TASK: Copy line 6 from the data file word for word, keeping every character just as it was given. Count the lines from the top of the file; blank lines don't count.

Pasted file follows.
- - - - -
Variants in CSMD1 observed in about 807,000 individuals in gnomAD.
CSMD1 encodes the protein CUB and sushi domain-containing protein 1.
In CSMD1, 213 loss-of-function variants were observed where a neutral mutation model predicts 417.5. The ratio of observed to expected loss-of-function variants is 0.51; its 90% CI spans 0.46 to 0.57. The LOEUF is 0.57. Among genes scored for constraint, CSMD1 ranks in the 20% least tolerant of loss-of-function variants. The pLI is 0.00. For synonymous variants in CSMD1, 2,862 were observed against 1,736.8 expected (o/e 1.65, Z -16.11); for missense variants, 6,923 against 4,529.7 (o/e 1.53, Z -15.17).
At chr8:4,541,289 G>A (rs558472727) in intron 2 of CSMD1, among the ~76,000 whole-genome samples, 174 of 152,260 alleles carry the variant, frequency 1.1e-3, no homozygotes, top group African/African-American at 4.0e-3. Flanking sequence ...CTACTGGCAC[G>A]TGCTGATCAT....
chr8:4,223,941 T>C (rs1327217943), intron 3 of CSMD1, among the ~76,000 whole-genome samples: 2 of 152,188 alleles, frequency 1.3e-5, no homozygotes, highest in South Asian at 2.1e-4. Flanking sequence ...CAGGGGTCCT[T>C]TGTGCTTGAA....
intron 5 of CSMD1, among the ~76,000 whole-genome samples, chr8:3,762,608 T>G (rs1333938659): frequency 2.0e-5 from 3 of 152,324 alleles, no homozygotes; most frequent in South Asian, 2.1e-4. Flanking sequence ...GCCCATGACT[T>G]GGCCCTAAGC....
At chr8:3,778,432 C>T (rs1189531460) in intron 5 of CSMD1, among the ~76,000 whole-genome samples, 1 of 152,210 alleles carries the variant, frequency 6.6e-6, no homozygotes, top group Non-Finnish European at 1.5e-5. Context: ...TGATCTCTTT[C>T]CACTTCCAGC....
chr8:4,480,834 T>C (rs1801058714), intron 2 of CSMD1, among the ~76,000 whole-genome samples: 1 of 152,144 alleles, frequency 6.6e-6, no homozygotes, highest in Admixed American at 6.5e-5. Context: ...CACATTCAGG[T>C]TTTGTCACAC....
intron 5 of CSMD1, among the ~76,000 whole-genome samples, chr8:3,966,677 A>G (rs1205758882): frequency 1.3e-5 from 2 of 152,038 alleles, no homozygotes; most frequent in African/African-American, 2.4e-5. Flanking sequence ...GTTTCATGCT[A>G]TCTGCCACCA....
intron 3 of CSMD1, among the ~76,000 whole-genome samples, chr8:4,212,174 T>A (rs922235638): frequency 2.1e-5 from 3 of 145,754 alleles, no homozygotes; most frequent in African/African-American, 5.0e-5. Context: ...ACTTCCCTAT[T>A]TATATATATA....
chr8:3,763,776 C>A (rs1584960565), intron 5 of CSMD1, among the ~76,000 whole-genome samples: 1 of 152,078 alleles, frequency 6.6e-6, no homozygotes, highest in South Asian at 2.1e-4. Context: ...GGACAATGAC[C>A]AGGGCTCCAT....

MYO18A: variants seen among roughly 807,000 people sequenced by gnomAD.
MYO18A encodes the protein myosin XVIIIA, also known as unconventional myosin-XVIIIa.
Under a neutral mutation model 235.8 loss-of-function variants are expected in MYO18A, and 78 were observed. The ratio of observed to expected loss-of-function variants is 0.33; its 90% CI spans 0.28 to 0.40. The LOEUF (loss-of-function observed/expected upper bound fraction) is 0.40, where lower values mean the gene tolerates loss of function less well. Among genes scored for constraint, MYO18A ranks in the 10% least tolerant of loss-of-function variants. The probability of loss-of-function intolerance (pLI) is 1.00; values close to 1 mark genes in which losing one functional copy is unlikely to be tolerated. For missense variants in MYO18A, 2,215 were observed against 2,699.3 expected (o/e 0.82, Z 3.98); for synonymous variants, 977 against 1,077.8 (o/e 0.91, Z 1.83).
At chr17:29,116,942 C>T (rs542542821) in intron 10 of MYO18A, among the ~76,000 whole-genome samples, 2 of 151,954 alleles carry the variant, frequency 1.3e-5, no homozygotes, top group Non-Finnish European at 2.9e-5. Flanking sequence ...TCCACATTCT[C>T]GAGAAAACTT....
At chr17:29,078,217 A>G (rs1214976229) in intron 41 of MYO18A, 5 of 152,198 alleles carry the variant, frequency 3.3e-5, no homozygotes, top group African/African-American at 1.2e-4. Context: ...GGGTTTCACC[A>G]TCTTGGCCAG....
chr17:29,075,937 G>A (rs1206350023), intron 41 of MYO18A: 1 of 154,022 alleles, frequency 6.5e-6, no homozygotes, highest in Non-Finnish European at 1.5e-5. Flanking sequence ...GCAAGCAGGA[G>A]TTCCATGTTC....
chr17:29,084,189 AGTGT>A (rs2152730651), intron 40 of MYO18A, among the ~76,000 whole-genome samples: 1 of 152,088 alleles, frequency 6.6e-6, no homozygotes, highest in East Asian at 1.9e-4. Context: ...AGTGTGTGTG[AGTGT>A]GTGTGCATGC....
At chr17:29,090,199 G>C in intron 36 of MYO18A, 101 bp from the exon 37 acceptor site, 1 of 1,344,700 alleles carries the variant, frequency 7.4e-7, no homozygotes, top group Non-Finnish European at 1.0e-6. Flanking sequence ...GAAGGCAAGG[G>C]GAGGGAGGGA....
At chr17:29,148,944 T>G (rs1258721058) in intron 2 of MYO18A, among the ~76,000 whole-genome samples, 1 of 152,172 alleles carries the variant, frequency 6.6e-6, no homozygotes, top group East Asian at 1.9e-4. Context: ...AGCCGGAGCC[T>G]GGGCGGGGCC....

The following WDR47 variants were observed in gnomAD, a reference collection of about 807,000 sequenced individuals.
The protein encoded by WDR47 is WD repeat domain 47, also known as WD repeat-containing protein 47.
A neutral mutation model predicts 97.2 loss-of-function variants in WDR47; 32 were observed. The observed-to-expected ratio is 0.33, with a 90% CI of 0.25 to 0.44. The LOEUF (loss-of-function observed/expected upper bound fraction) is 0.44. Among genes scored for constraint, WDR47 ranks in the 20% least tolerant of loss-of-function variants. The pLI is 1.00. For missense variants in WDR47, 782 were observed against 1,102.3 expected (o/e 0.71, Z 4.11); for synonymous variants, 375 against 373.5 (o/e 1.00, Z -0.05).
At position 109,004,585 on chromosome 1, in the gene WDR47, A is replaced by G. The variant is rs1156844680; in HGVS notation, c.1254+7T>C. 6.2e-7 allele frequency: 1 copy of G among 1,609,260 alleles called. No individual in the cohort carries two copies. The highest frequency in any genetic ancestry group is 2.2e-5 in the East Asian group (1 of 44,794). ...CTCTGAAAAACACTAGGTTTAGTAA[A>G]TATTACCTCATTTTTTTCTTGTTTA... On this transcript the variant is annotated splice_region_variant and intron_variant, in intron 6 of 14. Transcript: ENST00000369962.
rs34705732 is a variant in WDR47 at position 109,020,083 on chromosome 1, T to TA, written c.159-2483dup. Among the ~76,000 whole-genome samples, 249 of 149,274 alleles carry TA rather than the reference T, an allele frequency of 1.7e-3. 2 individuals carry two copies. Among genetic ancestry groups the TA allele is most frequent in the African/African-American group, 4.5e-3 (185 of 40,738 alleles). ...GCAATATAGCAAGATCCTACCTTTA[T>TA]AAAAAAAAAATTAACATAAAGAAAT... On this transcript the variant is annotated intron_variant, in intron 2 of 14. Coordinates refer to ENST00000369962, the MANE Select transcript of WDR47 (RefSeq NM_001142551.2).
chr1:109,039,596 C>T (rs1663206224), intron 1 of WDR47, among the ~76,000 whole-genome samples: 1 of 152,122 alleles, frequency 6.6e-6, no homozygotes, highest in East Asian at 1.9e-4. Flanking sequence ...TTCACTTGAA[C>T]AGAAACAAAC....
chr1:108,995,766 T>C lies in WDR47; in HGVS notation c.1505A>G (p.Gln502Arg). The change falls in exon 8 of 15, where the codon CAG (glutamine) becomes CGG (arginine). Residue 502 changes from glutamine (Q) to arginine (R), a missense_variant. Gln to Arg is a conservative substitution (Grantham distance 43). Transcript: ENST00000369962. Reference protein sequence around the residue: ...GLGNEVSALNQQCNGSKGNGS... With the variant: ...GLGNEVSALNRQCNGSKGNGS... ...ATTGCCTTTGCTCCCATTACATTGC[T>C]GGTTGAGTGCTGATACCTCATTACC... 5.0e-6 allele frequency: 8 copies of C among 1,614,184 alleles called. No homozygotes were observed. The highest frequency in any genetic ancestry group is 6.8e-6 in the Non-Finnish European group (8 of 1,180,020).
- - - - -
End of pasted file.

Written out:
intron 5 of CSMD1, among the ~76,000 whole-genome samples, chr8:3,762,608 T>G (rs1333938659): frequency 2.0e-5 from 3 of 152,324 alleles, no homozygotes; most frequent in South Asian, 2.1e-4. Flanking sequence ...GCCCATGACT[T>G]GGCCCTAAGC....